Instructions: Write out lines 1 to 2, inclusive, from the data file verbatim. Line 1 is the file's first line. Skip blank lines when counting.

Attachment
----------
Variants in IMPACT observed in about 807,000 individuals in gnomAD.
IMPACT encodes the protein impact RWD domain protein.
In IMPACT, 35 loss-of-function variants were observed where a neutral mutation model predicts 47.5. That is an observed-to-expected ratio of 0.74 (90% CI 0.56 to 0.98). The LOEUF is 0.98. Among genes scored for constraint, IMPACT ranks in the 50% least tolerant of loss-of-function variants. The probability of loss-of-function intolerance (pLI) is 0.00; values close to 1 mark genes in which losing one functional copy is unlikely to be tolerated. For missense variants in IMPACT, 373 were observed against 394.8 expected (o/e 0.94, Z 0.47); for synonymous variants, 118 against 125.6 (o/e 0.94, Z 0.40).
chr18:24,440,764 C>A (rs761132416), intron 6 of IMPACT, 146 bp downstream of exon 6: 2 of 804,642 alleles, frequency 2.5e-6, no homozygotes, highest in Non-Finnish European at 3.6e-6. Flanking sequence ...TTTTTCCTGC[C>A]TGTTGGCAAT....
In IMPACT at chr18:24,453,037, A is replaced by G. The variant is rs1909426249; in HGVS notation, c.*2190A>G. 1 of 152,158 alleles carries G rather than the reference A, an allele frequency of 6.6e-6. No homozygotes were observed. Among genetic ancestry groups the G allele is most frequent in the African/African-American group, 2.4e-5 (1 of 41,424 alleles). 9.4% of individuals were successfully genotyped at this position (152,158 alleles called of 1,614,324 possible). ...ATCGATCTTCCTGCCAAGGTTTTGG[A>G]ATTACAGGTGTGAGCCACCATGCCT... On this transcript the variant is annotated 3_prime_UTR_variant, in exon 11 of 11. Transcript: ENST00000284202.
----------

Variants in IMPACT observed in about 807,000 individuals in gnomAD.
IMPACT encodes the protein impact RWD domain protein.